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We're trying to decide where we should locate different servers. Should we put them in the DMZ? In our trusted network zone? And so on... Lots have been written on this topic, but there seems to be different opinions on whether or not to allow access from the DMZ to a database server on the internal network. I would like your opinion on our thoughts.

Basically, we have the following servers and services that are involved when servicing our customers:

Involved servers

The "Application service (WCF)" is basically our entry point to the database, holding all the business logic and verifying that everything is okay, before committing it to the database. There is a read-only service here aswell, optimized for querying the database.

Introducing a DMZ, where should we put the servers? The web-server and the external service obviously goes into the DMZ protected by a firewall, only allowing the necessary ports. But what about the Application service and the database server? We have considered the following scenarios:

  1. Application service and Database server in the internal network, protected by a firewall, only allowing the external web server and service to connect directly to the Application service, not the database.
  2. Application service in the DMZ, database server in the internal network protected by a firewall, allowing applications to connect to the database. Internal applications will connect to the application service in the DMZ.
  3. Everything in the DMZ.
  4. Fully separating the DMZ from the internal network, by placing a read-only database and a message queue in the DMZ. One-way access from the internal network to the DMZ, allowing the internal database to replicate transactions to the DMZ-database keeping it up to date. Instead of writing to the DMZ-database, commands are written to a message queue, and are picked up from a service from the inside, and handled by the Application service (we can live with the delay). This scenario also involves splitting up the Application service, so it only consists of a read-only querying service and a service placing commands on the queue in the DMZ. The original Application service will still be active on the internal network. There is some duplicated code here, but if this is the best scenario, we can live with that.

With my knowledge (no network expert), scenario 1 or 4 seems like the most suitable solutions. In solution 1, there's no direct connection to our database from the DMZ, but there's a port open from the DMZ to the inside. In solution 4, nothing is open from the DMZ to the inside, but we are exposing a read-only copy of the database in the DMZ. The database contains lots of sensitive customer information, so this might not be ideal.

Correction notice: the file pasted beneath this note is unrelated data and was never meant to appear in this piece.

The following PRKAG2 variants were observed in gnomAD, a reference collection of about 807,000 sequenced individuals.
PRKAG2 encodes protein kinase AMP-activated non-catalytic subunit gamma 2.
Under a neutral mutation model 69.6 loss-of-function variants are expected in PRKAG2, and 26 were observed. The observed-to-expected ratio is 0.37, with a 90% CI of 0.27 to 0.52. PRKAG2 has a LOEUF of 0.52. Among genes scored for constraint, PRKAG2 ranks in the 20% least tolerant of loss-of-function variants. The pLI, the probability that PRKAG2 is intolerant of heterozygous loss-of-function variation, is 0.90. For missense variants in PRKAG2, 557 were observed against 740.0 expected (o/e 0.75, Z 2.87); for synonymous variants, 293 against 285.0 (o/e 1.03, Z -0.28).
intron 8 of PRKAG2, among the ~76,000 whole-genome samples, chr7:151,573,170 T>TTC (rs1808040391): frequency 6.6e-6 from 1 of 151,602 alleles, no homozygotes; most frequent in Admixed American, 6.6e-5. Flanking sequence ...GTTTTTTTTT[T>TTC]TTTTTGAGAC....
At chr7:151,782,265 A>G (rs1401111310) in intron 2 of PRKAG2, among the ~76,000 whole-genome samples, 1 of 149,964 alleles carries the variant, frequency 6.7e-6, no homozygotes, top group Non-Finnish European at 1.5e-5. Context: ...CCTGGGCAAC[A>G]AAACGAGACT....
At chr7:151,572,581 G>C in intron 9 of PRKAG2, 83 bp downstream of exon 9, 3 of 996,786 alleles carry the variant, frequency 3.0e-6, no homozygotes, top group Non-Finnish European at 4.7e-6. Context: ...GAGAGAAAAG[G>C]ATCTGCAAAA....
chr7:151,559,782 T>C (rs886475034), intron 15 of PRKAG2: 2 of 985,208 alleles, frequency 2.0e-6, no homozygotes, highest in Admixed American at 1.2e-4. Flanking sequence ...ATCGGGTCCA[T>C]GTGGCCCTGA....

What do you think? Any thoughts and opinions will be much appreciated.

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2 Answers

up vote 1 down vote accepted

I think the easiest way to tackle the answer to this question is to start from the other side: ask "what happens in the event of a compromise?". If the external web server is compromised, then what can the attacker jump to from there? Let's look at the options:

  1. (You didn't present this one, but I'm putting it here for completeness.) Everything in the internal network, with a hole poked through the firewall: you are screwed. If the web server is compromised, attackers have potential access to everything on the internal network (not just the database server).
  2. External Web Server in the DMZ, Application service in the DMZ, database server in the internal network: an extra hurdle for attackers: both the web server and application service need to be compromised before the attack can potentially jump to the database. A successful attack means attackers have potential access to everything on the internal network.
  3. Everything in the DMZ: a successful attack has no access to the internal network.
  4. Fully separating the DMZ from the internal network, by placing a read-only database and a message queue in the DMZ...: Minimizes the potential of jumping from the DMZ to the inside, but doesn't completely eliminate it. Requires additional complex configuration and work to make sure things are "just right".

My personal preference is to go for the next level: Everything in the DMZ, database server with all the important stuff behind a second level of protection, but still in the DMZ. Of course this adds complexity and may not be worth the effort. Really it depends on how important the stuff in the database server really is, and how big your company is. It might be good enough to simply lock down the database server so only the web server can access it, but that is a value judgement that no one but you can make.

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like you said its a risk vs reward thing, you need to have that answered before you go much further. –  tony roth Jun 26 '13 at 17:41
    
Thank you very much Jed. That was a good way to look at it, and so far I agree with you about everything in the DMZ. I will let the question be open for a few days to see if someone else got any input. –  Tommy Jakobsen Jun 27 '13 at 6:48
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This is a real big issue where on one hand we bother about a hacker gaining access to corporate data, and also think of keeping a read-only DB in the DMZ. But what are we going to put in the read-only DB? If it is sensitive PII data, it's simply not allowed by your IT security measures. I would say we have a proxy client on the application and have connectivity to the secure inner network over RMI or HTTPS. Execute the calls over a proxy and that helps maintain a vaulted DB without the fear of exposing data to an external, ruthless world.

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